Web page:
Los Angeles, 2019 — as raging infernos bursting from corporate buildings obfuscate the skyline, the masses huddle between the neon signs and the whirring machinery, fearing for their lives. The six new replicants — beings closer to perfection, stronger and faster than human beings — have revolted, killing their masters during their journey through the universe and escaping to earth. The retired “Blade Runner” Deckard is called back into action to destroy the replicants. Following waves of feverish tracking, the resilient Deckard is suddenly disoriented, as the straightforward task of hunting and trapping the replicants turns into an exploration of memory, identity and existence.
Not only did Blade Runner transcend the historical moment that borne it, it also founded the Cyberpunk aesthetic, its themes and its vision. Although garnering a lukewarm response initially, it stood against the test of time as a landmark in the history of cinema. Until today, the visual motifs of Blade Runner—the high-tech, low-life slums, gigantic signboards that devour all empty space and simulated machines—circulate in science-fiction films. Laying bare the symbiotic relationship between technological hyper-development and social control, Blade Runner has elevated science-fiction films to a level of philosophical sophistication, making it a cinematic gem that gleams with even greater relevance than it did in the past.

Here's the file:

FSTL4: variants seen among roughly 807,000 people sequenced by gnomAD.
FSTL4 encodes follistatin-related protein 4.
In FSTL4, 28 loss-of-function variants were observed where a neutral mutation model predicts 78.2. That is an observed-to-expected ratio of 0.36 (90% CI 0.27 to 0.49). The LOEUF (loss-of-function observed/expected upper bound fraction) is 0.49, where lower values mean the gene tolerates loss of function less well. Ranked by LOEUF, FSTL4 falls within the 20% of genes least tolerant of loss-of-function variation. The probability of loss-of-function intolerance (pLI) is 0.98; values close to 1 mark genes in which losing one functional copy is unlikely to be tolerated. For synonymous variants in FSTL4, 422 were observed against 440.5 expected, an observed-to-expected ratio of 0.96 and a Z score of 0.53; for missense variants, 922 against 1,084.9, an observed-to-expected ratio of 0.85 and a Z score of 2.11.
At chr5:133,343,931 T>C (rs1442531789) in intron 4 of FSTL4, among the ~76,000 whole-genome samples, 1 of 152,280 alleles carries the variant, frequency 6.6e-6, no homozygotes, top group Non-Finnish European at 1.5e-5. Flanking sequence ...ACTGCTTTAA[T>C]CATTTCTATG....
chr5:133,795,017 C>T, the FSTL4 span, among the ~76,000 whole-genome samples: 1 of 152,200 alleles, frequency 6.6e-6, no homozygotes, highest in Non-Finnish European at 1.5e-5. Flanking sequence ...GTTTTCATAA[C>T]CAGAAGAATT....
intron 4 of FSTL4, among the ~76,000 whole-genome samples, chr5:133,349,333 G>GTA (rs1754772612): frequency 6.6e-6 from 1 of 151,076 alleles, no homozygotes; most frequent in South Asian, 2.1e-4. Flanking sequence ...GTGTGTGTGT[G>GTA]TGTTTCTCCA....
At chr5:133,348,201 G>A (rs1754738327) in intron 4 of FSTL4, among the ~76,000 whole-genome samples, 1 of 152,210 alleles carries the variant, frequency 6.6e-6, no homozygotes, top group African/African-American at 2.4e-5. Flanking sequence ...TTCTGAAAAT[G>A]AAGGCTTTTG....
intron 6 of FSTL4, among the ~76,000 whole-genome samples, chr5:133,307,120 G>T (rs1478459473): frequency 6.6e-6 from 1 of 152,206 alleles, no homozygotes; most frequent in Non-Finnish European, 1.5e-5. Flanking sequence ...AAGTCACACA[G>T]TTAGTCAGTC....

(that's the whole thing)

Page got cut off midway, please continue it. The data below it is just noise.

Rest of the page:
Professor Ackbar Abbas will give a one-hour lecture on William Gibson, Cyberpunk culture, and Blade Runner before its screening.
Director： Ridley Scott
U.S.A｜1982 ｜117 mins｜Colour｜DCP ｜in English with Chinese Subtitle